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Paying people to take their meds? 

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A severe but underappreciated American drug problem (sometimes deadly and often expensive) is patients' failure to take prescribed medications -- even to save their own lives (such as with anti-coagulants or cholesterol-regulating statins). In recent pilot programs, according to a June New York Times report, compliance rates have been significantly improved -- by giving patients money ($50 to $100 a month, sometimes more) if they remember to take their drugs. Data show that, indeed, such compliance subsidies reduce society's overall health care costs by preventing expensive hospital admissions. Beyond health care costs is the social benefit when violent schizophrenics take their meds and refrain from attacking people.

Government in Action

• Labor unions' sweet, recession-proof contract with the New York City area's severely cash-strapped Metropolitan Transportation Authority last year provided 8,074 blue-collar workers (conductors, engineers, repairmen, etc.) with six-figure compensation, including about 50 who earned $200,000 or more. Researchers cited by The New York Times in April found that one Long Island Rail Road conductor made $239,148, about $4,000 more than the MTA's chief financial officer and about $48,000 short of being the highest-paid person in the entire system. Included in some of the fat payouts for LIRR locomotive engineers was special "penalty" pay (about $94,600 in one case) for engineers who are required to move a train to a different location from its normal assignment.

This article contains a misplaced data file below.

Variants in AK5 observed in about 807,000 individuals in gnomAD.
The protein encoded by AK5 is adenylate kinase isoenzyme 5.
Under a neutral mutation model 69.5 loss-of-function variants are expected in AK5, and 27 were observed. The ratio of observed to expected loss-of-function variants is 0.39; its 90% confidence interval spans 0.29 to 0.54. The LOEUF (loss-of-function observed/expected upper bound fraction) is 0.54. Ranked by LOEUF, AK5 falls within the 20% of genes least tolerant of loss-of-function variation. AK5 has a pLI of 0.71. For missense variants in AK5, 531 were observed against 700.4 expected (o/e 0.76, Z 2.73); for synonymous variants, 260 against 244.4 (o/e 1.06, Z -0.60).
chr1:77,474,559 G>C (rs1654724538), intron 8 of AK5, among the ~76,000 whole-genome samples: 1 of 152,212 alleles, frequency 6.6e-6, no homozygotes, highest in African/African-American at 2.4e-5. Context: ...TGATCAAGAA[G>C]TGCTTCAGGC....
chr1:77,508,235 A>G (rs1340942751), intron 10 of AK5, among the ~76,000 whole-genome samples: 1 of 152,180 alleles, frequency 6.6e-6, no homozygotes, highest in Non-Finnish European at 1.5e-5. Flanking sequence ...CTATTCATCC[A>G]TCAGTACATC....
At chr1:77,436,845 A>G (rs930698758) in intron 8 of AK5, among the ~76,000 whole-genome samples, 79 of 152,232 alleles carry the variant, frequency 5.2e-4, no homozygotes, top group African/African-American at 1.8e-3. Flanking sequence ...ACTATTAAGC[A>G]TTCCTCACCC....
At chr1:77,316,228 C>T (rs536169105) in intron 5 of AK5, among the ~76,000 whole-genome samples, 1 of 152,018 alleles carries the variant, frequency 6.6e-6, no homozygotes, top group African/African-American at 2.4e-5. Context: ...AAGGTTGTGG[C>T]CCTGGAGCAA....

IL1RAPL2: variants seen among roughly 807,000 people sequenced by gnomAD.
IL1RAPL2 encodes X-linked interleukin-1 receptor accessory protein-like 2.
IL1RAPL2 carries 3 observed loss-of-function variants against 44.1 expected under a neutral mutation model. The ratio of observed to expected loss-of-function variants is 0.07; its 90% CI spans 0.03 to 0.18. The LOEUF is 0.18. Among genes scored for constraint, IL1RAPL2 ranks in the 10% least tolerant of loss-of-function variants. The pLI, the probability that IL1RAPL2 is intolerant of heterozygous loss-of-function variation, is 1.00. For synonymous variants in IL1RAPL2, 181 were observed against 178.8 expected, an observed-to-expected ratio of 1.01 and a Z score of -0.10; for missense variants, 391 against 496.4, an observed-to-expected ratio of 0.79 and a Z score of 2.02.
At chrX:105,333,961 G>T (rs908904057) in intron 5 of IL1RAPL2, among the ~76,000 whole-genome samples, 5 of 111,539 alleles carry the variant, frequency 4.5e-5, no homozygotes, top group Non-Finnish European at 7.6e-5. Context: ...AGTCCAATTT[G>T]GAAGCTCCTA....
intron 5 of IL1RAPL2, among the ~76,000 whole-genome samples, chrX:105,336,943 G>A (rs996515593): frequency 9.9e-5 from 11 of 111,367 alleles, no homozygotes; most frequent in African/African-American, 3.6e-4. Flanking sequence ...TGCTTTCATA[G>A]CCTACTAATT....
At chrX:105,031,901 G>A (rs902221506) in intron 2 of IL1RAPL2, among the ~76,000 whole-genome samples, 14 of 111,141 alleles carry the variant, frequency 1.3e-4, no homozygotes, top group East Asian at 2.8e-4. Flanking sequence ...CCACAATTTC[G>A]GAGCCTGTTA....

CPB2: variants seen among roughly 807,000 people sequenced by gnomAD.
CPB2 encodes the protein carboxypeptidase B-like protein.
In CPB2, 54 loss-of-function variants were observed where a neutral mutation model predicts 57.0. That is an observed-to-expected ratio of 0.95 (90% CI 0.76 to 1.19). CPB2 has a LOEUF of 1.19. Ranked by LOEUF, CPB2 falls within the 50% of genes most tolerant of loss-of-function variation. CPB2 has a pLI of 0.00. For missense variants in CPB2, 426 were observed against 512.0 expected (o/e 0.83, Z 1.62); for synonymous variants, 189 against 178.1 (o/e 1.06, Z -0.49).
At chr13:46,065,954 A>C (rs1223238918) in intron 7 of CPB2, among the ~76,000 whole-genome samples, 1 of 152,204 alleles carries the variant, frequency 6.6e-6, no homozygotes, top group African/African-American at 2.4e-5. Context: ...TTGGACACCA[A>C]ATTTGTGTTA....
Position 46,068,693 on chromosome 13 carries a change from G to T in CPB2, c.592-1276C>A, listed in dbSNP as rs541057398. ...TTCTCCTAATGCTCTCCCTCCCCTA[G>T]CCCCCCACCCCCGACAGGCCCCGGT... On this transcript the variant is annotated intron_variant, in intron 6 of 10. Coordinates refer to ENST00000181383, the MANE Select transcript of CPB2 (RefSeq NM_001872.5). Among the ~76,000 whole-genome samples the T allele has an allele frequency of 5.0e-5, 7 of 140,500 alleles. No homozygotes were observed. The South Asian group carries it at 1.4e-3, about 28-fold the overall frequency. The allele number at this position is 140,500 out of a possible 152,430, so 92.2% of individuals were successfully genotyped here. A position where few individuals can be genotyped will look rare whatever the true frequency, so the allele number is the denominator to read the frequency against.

• Arizona (viewed by some as hard-hearted for its April law stepping up its vigilance for illegal immigrants) showed a soft side recently, implementing a $1.25 million federal grant that it believes will save the lives of at least five squirrels a year. The state's 250 endangered Mount Graham red squirrels risk becoming roadkill on Route 366 near Pima, and the state is building a rope bridge for them to add to several existing tunnels.

Great Art!

• At a June concert in Australia's Sydney Opera House, American musicians Laurie Anderson and Lou Reed performed Anderson's 20-minute, very-high-pitched composition, "Music for Dogs," an arrangement likely to have been largely unmelodious to humans, who generally cannot hear such high pitches, but of more interest to dogs, who can. (Dogs were permitted in the audience, but news reports were inconclusive about their level of enjoyment.)

• Many jihadist recruiting pitches are dry and pious, but in May, the Somali activist Abu Mansoor al-Amriki, 26, who was born in Alabama, began streaming Internet rap "music" videos to encourage warrior sign-ups. (Sample verse: "It all started out in Afghanistan / When we wiped the oppressors off the land / The Union crumbled and tumbled / Humbled, left them mumbled / Made a power withdraw and cower.") Actually, there was no music but merely al-Amriki singing, presumably because in the version of Islam favored by Somali jihadists, "music" is not permitted.

• West Virginia's Division of Culture and History announced in June it would hold a state-sponsored art exhibition, showcasing the state's arts talent. Until now, the state has refused such projects because the last one, in 1963, turned out badly. The grand prize that year, supposedly representing the character and tradition of the state, went to "West Virginia Moon," which was a collection of broken boards and a screen door.